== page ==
Conserved DNA sequences indicates that the sequences are functionally constraint. Non-functional genome parts are drift apart as species are divergent away from each other, because these non-functional parts undergo due to mutations. But if the parts are functional they remain recognizably similar in species over long periods of time. These parts may be responsible for code for proteins, code for RNA, and act as regulatory regions for enhancers, promoters, repressors and so on. So the sections which are functional DNA sequences likely to remain the same or very similar over millions of years of mutation pressure. This is the idea behind comparative genomic analyses between species. So it describes that comparing DNA sequences from several species provides a way to identify common signatures that may have functional significance.

Conserved Non-coding DNA Sequences

The availability of full genome sequences has led to many comparative genomic studies. These studies have examined the non-coding part of the genomes by genomic comparisons. The studies have discovered that vertebrate genomes contain a large amount of non-coding DNA sequences with strong conservation across the phylogeny. Interpret the functions of the non-coding sequences is a challenging, but highly important problem which the genomic studies have faced today.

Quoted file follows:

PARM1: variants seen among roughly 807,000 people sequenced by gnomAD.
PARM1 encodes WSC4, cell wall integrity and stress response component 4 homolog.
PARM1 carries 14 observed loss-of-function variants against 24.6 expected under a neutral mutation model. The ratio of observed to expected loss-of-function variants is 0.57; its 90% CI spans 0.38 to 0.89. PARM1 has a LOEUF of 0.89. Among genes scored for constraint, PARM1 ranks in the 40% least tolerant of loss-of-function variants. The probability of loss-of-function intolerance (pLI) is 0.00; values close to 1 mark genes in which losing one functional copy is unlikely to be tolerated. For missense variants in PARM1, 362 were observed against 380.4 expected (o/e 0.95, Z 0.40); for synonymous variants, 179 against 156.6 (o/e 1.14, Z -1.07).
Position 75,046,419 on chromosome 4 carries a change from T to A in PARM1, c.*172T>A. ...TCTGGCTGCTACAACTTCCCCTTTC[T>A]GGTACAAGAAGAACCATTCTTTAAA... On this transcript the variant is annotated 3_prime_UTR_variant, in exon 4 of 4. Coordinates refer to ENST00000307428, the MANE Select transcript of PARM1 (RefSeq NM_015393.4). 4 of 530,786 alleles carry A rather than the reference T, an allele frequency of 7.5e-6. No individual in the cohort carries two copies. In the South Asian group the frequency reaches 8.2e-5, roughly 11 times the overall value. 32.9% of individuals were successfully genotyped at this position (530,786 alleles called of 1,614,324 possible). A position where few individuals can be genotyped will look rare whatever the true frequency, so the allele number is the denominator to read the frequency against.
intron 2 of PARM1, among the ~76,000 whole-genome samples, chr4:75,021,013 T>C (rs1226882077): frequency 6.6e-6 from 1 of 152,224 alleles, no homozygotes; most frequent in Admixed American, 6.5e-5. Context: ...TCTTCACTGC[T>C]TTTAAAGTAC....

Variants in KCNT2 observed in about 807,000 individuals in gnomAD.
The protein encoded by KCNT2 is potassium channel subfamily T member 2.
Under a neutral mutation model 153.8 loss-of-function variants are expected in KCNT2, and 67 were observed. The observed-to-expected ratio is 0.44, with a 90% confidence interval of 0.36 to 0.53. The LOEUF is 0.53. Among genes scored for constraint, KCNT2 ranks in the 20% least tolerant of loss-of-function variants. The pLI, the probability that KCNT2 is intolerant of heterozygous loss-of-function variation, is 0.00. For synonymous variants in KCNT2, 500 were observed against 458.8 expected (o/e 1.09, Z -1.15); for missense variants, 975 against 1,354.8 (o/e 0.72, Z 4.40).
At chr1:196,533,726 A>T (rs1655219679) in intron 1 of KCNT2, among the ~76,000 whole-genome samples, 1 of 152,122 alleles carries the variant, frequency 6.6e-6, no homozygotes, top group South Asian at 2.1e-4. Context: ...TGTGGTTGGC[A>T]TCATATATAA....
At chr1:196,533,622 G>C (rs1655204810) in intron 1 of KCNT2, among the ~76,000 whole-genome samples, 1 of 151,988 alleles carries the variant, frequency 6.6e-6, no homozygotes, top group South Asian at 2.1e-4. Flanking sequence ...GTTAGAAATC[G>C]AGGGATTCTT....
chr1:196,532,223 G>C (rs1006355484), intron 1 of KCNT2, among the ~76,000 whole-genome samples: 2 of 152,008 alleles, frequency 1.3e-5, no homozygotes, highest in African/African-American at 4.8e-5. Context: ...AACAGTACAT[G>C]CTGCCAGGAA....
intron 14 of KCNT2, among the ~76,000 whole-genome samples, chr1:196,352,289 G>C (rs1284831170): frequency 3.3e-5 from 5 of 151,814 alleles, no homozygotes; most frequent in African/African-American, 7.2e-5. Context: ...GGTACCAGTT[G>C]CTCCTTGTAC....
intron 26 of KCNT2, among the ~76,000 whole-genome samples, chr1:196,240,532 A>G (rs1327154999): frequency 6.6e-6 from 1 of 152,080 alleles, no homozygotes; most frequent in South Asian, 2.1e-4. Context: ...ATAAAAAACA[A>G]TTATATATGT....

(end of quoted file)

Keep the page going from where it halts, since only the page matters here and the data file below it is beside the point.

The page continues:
Analysis on orthologous genes from animals and plants has discovered many shared non-coding DNA elements. But conservation of many intron positions in distant eukaryotes in spite of intron densities differ widely, and the location of introns in orthologous genes are not always same in closely related specie [7]. About 50% of the DNA sequences that are conserved between human and mice are outside the coding sequences. Further from genomic comparisons between human, mice and dog Frazer [8] has found one half of the human/mouse conserved sequence was also conserved in the dog. Average percent pair wise sequence identity between CNSs of human with comparisons of Chimp, Mouse, Rat, Chicken, Frog,Fugu, Zebrafish and Tetraodon genomes is illustrated by figure 09. It is very interesting because it proves the evolutionary constraints of non-coding DNA which are likely to be functional. Conserved non-coding regions are less likely to undergo mutations compared to random DNA sequences [13]. It proposes that the Conserved non-coding regions are functional significance sequences. Conserved blocks of non-coding DNA sequences likely have an impact on the sequence specific constraints of DNA protein interactions even though the association between functionally characterized binding sites and conserved non-coding DNA sequences have not discovered yet. Researchers suggest that about 20% - 30% nucleotide sites of eukaryotic genomes are expected to be conserved in functionally constrained non-coding regions [2].